Janssen says it is disappointed that NHS cost regulators are not backing NHS use of Darzalez (daratumumab) plus bortezomib and dexamethasone (DBd) for previously treated multiple myeloma in adults.

According to Janssen, the decision comes despite the consultation papers highlighting the regimen as an innovative treatment combination, which the firm said boosts overall survival and slashes the risk of death by 50 percent.

However, the National Institute for Health and Care Excellence noted that the size of the DBd’s benefit in the long-term is “unclear”, because currently available trial data were collected over a short period of time.

Also, the benefits of DBd compared with alternative therapy carfilzomib plus dexamethasone “are less clear because they haven’t been compared directly in a trial”, according to the draft guidelines.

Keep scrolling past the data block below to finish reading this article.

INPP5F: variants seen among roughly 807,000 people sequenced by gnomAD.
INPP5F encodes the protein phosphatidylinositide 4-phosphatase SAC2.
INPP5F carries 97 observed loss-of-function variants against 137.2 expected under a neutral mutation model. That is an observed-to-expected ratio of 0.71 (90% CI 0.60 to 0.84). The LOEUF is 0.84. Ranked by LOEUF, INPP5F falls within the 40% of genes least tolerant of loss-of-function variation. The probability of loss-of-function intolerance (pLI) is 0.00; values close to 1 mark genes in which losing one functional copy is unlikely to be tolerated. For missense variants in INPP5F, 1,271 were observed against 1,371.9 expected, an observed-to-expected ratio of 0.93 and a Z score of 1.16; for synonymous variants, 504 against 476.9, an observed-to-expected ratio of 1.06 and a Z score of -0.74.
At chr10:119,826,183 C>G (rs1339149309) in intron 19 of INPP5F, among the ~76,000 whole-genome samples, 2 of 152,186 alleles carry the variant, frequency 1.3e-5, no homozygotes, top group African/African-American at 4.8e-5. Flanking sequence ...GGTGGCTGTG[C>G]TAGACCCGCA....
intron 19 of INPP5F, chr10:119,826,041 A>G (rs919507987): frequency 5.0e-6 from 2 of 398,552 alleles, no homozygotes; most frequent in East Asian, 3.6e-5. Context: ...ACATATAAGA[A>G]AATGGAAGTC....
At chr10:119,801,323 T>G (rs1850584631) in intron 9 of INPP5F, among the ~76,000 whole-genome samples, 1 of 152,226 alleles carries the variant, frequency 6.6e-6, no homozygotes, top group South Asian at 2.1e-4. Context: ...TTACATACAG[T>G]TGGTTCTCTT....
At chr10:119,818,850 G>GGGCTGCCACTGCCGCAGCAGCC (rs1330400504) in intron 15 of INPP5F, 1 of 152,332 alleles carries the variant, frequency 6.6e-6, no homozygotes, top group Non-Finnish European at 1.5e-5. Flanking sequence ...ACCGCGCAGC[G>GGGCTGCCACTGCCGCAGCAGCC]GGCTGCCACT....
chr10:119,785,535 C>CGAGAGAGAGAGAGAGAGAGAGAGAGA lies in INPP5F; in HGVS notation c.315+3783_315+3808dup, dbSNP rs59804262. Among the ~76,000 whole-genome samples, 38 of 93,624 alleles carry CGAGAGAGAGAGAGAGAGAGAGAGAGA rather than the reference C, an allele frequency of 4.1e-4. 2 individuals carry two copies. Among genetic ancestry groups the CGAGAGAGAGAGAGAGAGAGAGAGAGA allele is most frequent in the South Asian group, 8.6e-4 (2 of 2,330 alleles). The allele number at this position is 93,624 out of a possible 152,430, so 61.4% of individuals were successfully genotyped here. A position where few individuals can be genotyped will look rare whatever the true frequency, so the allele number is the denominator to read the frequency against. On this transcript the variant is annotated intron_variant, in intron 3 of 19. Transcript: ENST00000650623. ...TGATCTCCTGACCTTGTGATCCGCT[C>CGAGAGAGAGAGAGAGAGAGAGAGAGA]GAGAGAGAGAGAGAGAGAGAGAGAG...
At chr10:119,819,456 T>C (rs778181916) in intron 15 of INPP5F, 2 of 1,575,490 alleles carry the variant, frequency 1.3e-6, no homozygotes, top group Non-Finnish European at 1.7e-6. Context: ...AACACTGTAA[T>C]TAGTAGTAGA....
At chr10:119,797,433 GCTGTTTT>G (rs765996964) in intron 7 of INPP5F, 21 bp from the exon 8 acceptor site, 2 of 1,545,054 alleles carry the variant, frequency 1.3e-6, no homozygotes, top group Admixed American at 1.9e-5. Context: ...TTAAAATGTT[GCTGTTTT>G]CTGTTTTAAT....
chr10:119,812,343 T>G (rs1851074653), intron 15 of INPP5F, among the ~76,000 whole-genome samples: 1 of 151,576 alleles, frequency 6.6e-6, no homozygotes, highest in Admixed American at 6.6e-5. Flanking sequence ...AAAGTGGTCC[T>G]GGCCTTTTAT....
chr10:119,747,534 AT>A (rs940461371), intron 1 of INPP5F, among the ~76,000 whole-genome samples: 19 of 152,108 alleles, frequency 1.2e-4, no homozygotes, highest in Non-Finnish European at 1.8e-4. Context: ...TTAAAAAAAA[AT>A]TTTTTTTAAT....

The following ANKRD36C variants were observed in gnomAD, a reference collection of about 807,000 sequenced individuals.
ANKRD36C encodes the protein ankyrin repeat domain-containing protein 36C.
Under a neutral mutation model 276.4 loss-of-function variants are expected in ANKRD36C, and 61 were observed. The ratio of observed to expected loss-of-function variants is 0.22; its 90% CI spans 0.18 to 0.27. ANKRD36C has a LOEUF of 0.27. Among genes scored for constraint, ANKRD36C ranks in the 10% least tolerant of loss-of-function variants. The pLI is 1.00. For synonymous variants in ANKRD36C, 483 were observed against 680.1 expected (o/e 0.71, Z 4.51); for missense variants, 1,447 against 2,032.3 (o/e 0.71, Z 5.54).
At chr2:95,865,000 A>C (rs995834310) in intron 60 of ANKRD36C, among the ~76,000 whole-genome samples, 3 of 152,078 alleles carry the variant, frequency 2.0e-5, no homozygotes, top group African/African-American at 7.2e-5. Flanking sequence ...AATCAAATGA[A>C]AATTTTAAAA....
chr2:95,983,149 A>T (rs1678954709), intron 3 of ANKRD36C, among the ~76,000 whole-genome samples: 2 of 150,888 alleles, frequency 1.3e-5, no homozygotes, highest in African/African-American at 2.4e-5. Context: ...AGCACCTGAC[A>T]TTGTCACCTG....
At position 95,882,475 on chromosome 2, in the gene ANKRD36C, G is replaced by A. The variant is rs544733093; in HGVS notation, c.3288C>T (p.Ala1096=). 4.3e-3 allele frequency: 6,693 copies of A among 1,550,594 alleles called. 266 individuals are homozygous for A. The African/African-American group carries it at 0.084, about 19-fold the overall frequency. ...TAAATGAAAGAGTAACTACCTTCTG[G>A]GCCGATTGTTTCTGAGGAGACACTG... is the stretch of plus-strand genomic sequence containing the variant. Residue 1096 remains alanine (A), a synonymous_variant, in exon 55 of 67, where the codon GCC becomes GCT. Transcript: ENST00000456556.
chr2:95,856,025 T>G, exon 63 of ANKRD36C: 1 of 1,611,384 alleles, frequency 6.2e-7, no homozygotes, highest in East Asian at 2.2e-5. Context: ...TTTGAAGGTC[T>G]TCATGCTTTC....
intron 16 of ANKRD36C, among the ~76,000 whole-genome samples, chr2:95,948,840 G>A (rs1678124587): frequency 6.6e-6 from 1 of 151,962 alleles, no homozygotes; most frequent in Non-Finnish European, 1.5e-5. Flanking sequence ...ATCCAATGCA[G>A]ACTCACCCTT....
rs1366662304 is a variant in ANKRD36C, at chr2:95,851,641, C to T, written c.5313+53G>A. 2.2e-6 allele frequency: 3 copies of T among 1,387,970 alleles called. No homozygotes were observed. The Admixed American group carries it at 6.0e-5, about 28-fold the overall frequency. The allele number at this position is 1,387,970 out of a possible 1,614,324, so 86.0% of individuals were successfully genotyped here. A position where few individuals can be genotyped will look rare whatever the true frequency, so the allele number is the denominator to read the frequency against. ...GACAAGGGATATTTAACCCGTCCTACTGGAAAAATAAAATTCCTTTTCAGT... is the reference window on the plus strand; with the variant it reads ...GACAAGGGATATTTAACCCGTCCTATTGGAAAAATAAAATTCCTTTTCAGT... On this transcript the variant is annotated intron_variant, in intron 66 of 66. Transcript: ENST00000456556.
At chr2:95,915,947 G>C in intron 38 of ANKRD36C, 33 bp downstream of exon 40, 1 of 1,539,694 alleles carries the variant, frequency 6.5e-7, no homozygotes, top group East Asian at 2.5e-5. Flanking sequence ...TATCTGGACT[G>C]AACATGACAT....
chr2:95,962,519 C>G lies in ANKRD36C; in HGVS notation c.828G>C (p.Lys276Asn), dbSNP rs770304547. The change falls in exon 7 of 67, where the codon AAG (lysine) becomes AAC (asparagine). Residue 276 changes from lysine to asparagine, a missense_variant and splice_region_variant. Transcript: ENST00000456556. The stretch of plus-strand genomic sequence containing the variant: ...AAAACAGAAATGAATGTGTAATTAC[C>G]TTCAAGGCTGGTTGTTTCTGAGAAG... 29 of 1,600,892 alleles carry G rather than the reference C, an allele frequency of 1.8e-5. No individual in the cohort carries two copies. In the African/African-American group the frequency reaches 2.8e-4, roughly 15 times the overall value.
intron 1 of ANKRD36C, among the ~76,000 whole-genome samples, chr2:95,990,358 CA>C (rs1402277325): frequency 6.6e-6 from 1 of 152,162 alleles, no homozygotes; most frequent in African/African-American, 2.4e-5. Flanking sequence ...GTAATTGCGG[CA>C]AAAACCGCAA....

Should NICE’s decision become final, up to 2,900 eligible patients in England will be unable to access “this much-needed treatment option” after their first relapse on the NHS, Janssen said.

“This will leave patients with relapsed or refractory multiple myeloma (RRMM) facing further treatment with less effective options at this crucial stage of their disease.”

“Despite being recommended by clinical guidelines, there are currently no triple therapies recommended by NICE at second-line, yet there is a clear unmet need for efficacious products in this setting,” noted Jennifer Lee, director of health economics, market access and reimbursement (HEMAR) and advocacy at Janssen UK.

UK charity Myeloma UK said it was disappointed with the decision, but pleased that the Committee “has recognised evidence from Myeloma UK and leading clinicians that this is a ‘game-changing’ treatment, which delivers significant and clinically important survival benefits for patients.

“It is therefore vital that NICE and the company explore every possible option to deliver a positive outcome. We will also continue to do everything we can to secure a ‘yes’ for myeloma patients and their families.”

Janssen said it will continue to work closely with NICE and NHS England “to do everything we can to ensure that DBd becomes routinely available at second-line for eligible patients in England as soon as possible.”